Dear Colleagues and Nurses
I’ve recently read that some of you are refusing to be vaccinated for the H1N1 virus. To be honest, I am a more than a little mystified by your refusal.
Some of you object to the supposed “dangers” the H1N1 vaccine poses. But being highly educated health care professionals, you are surely aware that the vaccine is produced in exactly the same way and contains exactly the same non-active ingredients as every influenza vaccine for time out of mind. And until you produce a peer-reviewed article — and the viral email from your Auntie Phyllis doesn’t count, nor does what you heard on the radio, nor does what your best friend told you in the break room — that shows more than a trivial risk, i.e. greater than being struck by lightning or winning the lottery, you really are acting out of emotion, not evidence and logic.
Others object to being coerced into accepting a medical treatment against your will. I am actually sympathetic to this argument. Being compelled against your will is indeed dubious ethically. But dear colleagues, we sold ourselves on this point years ago. We happily accept Td vaccines and Hep B vaccines and all the rest as conditions of employment. We annually are injected with minuscule amounts of parts of the tubercle bacillus to screen for TB. And other nurses in some places willingly and cheerfully submit to compulsory random drug testing — which, if you haven’t noticed, is a medical procedure, as well as being a gross invasion of privacy. No problem with any of this, we said, as we gave our little bottles of pee and held out our arms. To suddenly start complaining about being “forced” to cooperate in a medical procedure strikes me as being more than a little disingenuous and frankly, childish.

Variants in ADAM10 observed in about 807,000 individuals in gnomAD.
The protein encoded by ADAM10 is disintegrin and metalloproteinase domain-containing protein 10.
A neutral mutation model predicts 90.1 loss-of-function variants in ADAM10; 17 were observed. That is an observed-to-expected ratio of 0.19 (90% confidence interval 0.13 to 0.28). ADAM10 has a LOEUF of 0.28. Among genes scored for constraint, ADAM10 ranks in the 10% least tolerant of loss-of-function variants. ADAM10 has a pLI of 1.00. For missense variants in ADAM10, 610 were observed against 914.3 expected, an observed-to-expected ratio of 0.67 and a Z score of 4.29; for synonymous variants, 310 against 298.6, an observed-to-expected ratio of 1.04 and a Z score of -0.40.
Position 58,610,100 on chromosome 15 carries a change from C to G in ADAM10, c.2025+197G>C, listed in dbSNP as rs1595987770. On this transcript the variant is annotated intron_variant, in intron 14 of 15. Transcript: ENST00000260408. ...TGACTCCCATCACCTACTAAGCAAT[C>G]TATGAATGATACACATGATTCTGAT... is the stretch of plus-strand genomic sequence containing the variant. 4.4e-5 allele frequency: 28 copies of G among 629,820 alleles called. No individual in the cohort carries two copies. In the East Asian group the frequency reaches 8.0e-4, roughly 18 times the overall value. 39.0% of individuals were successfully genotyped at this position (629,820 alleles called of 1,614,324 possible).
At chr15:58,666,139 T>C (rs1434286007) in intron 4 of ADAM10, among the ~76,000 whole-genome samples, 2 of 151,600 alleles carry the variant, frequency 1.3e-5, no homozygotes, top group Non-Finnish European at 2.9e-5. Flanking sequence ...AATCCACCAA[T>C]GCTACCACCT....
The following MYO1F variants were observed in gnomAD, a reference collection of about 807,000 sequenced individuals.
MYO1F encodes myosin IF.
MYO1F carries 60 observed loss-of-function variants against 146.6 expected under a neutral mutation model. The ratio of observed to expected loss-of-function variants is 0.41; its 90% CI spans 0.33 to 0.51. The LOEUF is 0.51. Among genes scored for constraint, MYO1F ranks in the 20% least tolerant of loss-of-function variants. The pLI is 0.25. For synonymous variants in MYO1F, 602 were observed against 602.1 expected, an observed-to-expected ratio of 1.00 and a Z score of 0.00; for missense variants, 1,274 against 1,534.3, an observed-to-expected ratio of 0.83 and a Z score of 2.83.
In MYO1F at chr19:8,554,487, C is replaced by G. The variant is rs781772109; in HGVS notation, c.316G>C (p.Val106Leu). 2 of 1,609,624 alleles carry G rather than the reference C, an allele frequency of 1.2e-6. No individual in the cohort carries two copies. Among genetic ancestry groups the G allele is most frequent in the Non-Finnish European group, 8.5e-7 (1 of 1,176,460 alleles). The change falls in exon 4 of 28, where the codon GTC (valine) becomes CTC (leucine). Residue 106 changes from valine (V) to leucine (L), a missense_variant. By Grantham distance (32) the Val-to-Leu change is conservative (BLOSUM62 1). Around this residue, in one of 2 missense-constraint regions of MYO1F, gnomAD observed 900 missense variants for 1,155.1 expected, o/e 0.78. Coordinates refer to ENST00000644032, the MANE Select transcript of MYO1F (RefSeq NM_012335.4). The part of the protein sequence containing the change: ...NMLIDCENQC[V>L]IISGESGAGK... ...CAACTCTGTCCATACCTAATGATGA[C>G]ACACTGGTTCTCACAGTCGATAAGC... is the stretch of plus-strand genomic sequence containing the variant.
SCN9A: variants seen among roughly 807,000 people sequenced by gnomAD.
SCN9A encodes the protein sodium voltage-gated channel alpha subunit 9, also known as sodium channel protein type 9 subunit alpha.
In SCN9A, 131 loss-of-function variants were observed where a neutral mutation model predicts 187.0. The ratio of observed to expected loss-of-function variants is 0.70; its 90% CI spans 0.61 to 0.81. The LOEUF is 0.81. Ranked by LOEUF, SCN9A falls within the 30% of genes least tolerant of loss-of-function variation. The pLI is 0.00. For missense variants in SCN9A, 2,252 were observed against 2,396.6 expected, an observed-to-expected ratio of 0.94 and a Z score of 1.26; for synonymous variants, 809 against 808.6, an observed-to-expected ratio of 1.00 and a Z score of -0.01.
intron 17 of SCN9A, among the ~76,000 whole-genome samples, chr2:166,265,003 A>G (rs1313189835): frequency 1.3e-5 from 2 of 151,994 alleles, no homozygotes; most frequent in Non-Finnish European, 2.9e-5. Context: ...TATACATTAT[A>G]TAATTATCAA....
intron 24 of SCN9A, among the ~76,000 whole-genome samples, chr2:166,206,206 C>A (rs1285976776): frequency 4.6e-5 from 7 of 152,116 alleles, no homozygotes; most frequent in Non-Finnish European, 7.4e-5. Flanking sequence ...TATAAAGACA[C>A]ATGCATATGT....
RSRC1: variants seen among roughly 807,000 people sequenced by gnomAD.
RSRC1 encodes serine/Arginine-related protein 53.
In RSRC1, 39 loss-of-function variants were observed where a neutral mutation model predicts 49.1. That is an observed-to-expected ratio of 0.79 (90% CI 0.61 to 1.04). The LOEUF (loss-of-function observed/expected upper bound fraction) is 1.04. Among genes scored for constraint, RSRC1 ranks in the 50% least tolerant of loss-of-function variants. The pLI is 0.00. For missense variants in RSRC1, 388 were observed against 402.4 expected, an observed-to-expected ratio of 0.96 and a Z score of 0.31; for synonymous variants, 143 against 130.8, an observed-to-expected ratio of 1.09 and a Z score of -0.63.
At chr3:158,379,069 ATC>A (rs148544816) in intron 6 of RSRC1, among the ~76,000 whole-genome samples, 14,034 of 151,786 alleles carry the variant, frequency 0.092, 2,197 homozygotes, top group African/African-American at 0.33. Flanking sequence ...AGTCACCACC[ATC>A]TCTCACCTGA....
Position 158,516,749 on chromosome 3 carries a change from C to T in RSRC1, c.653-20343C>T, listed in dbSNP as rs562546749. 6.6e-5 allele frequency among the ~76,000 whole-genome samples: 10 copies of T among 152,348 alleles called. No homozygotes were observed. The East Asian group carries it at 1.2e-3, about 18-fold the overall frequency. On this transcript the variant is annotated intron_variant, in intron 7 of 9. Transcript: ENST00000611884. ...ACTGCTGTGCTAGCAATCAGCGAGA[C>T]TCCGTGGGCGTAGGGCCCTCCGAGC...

Finally, I won’t tell you to get the vaccine, because it’s professional, or that the hospital is making you anyway, or because it’s the right thing to do, or because you’re saving yourself the misery of having the flu for a week or two, though these are all more or less valid reasons. However, getting the shot will prevent you from being a complete tool when you pass the virus to someone compromised — maybe even one of your colleagues, a patient or even, God forbid, a loved one — and end up killing them. I think this argument is nearly irrefutable.
So in summary: don’t be a tool. Get the shot.
[UPDATE #1: (15/10/09) An interesting discussion here — be sure to check out the comments. I’m a bit embarrassed for our profession when (I think) otherwise sane nurses are jumping on the H1N1 hysteria train. Any wonder why some people don’t take seriously as professionals?]
[UPDATE #2: (16/10/09) Another point of view. I get the ambiguity, but I don’t get its relevance in the larger picture — and I still don’t understand the whinging about “they’re threatening our rights and autonomy” or some such tripe. That train left left the station years ago — the first time you got the Two Step Mantoux, or submitted to a mandatory drug screen.]
[Update #4: (18/10/09) Nurse Me has a contrary PoV. . . not getting vaccinated, no way, no how. I don’t think I quite agree with his reasoning, which seems to boil down to a) having an immune system that attacks stray cats and squirrels, and b) cleaning everything in sight with Virox. But he’s a little less strident than me, so maybe he has good karma. And points out, and this can’t be repeated enough, washing your hands frequently will do wonders.]
[Courtesy of the Ontario Ministry of Health]